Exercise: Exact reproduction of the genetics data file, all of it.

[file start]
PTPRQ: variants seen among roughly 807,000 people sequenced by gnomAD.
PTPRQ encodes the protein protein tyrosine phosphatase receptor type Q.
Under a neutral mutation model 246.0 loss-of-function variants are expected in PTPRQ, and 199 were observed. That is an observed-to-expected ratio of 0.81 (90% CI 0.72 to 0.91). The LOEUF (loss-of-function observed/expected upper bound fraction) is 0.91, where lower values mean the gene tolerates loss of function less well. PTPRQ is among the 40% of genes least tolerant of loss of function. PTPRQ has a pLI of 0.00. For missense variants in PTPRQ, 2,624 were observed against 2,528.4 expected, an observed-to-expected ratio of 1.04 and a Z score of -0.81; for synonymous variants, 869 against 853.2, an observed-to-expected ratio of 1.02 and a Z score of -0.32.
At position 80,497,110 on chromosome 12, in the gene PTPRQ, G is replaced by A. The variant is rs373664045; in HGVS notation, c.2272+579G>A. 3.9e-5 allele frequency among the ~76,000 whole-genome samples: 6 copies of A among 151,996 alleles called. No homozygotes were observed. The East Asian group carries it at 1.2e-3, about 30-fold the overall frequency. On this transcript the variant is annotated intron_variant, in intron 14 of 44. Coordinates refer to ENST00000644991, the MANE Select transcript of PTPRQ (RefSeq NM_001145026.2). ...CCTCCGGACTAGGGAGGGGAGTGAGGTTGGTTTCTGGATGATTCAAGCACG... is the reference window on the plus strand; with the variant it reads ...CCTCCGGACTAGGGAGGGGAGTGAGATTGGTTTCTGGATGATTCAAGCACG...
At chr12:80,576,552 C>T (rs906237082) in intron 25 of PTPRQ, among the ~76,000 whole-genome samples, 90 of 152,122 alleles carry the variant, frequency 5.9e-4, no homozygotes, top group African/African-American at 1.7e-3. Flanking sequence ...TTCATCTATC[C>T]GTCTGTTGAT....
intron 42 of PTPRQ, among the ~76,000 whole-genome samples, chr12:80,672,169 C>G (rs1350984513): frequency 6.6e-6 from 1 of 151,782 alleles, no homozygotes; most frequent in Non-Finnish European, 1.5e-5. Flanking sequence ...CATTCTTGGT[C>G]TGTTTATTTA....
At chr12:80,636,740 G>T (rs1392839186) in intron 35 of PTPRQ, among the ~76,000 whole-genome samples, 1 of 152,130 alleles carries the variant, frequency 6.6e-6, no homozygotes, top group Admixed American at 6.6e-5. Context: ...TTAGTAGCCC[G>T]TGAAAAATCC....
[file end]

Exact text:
PTPRQ: variants seen among roughly 807,000 people sequenced by gnomAD.
PTPRQ encodes the protein protein tyrosine phosphatase receptor type Q.
Under a neutral mutation model 246.0 loss-of-function variants are expected in PTPRQ, and 199 were observed. That is an observed-to-expected ratio of 0.81 (90% CI 0.72 to 0.91). The LOEUF (loss-of-function observed/expected upper bound fraction) is 0.91, where lower values mean the gene tolerates loss of function less well. PTPRQ is among the 40% of genes least tolerant of loss of function. PTPRQ has a pLI of 0.00. For missense variants in PTPRQ, 2,624 were observed against 2,528.4 expected, an observed-to-expected ratio of 1.04 and a Z score of -0.81; for synonymous variants, 869 against 853.2, an observed-to-expected ratio of 1.02 and a Z score of -0.32.
At position 80,497,110 on chromosome 12, in the gene PTPRQ, G is replaced by A. The variant is rs373664045; in HGVS notation, c.2272+579G>A. 3.9e-5 allele frequency among the ~76,000 whole-genome samples: 6 copies of A among 151,996 alleles called. No homozygotes were observed. The East Asian group carries it at 1.2e-3, about 30-fold the overall frequency. On this transcript the variant is annotated intron_variant, in intron 14 of 44. Coordinates refer to ENST00000644991, the MANE Select transcript of PTPRQ (RefSeq NM_001145026.2). ...CCTCCGGACTAGGGAGGGGAGTGAGGTTGGTTTCTGGATGATTCAAGCACG... is the reference window on the plus strand; with the variant it reads ...CCTCCGGACTAGGGAGGGGAGTGAGATTGGTTTCTGGATGATTCAAGCACG...
At chr12:80,576,552 C>T (rs906237082) in intron 25 of PTPRQ, among the ~76,000 whole-genome samples, 90 of 152,122 alleles carry the variant, frequency 5.9e-4, no homozygotes, top group African/African-American at 1.7e-3. Flanking sequence ...TTCATCTATC[C>T]GTCTGTTGAT....
intron 42 of PTPRQ, among the ~76,000 whole-genome samples, chr12:80,672,169 C>G (rs1350984513): frequency 6.6e-6 from 1 of 151,782 alleles, no homozygotes; most frequent in Non-Finnish European, 1.5e-5. Flanking sequence ...CATTCTTGGT[C>G]TGTTTATTTA....
At chr12:80,636,740 G>T (rs1392839186) in intron 35 of PTPRQ, among the ~76,000 whole-genome samples, 1 of 152,130 alleles carries the variant, frequency 6.6e-6, no homozygotes, top group Admixed American at 6.6e-5. Context: ...TTAGTAGCCC[G>T]TGAAAAATCC....